“It’s better to ask for forgiveness, than for permission”
You may have heard this saying now and again, it’s generally used by people that disrupt, or that know a decision they want to make is correct, but don’t have any numbers to drive a consensus. In a world that is becoming more and more data-driven, thanks to increasingly capable Business Intelligence teams, by increasingly available data about users and onsite activity, it could, at least in theory, become more and more difficult to break out of standard procedures and do something new. Or at least TRY something new.
Understandably, if your service and/or product is the backbone of your revenue, taking a risk to try something out of the box can be difficult. Depending on the size of your organization, the number of stakeholders per decision, and the risk associated with a new idea, you may face a lot of pushback. But if nobody tried new things out, the wheel would still be square, we wouldn’t have remote controls without a cable attaching it to the TV, and the internet would be much less valuable as a source of information than it is today.
Push the boundaries, and try new things – Even if it’s a small-scale experiment. You will learn new things, about your service, your customers, their needs, and your ability to adapt. It may well be that this is just the opinion that I have gained, and it is clearly an inherent part of how I work, but no matter how I reflect on it, if done well, there is no negative side to experimentation. Try, learn, adapt, repeat.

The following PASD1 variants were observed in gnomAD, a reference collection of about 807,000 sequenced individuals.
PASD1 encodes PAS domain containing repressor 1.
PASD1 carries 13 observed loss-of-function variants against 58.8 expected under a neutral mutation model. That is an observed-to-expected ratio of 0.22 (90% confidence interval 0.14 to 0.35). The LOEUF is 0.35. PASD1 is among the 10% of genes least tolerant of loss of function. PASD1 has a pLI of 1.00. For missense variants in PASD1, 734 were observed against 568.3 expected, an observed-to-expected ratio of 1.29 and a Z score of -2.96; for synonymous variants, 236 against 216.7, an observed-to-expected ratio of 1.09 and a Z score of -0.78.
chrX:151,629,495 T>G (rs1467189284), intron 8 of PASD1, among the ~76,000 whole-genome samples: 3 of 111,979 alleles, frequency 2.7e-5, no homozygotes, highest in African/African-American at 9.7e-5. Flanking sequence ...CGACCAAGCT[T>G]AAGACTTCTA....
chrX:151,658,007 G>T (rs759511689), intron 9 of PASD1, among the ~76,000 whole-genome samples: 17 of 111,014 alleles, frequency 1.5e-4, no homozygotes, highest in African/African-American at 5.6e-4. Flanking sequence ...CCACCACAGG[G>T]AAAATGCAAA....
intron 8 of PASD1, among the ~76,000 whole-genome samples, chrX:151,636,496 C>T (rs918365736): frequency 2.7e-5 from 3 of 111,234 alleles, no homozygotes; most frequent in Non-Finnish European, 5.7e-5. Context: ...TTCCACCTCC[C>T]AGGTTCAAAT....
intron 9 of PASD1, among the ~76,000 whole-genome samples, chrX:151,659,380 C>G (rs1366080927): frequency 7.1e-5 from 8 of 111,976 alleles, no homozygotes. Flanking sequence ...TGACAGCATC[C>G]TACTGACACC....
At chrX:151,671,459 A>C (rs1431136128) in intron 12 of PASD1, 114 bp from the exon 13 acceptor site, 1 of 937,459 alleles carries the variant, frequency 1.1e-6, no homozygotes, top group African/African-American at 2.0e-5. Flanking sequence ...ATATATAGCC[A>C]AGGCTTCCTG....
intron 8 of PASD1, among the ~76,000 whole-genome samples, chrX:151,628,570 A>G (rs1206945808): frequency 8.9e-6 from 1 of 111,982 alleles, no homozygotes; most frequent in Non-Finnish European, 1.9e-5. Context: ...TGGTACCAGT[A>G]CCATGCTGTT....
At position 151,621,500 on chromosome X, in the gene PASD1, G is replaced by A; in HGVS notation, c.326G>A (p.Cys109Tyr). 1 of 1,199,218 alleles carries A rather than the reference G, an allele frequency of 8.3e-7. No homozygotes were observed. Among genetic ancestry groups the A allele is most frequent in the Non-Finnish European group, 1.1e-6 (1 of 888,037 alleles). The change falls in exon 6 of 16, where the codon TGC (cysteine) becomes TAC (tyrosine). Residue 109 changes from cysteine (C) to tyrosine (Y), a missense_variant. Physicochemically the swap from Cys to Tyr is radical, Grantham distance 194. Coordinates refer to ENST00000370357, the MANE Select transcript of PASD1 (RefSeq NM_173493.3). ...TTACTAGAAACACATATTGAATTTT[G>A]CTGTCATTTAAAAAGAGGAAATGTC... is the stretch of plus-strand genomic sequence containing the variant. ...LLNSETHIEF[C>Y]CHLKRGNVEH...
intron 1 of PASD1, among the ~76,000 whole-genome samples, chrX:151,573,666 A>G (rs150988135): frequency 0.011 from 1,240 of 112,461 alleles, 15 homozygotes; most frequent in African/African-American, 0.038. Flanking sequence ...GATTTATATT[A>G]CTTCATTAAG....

An example from my recent experience:
- Core business uses Salesforce – with a new service and team, we decided to try Front
- Main target segment (users) doesn’t use social (for Customer Service) – New team is trying Facebook, Twitter, SMS and WhatsApp
- Core product changes go through Product, Dev, QA, DevOps – New team just gets things done, uses any workaround necessary, and has access to the live DB to make changes if necessary
We’re also using Slack and Trello, with a few integrations to keep people informed, and we’re using a payment provider it would be difficult to change to in our “normal” service proposition.
None of the things the new team does are scalable, and it doesn’t matter. What we are learning is invaluable, for the customers, our partners, how our “booking funnel” is perceived, what the expectations are. Have a roll back plan, or strategy, but please just:
Try, learn, adapt, repeat.
My new mantra for growth and learning how to improve your service/product.
n.b.: This doesn’t mean do it without thinking, thinking is generally a good idea 😉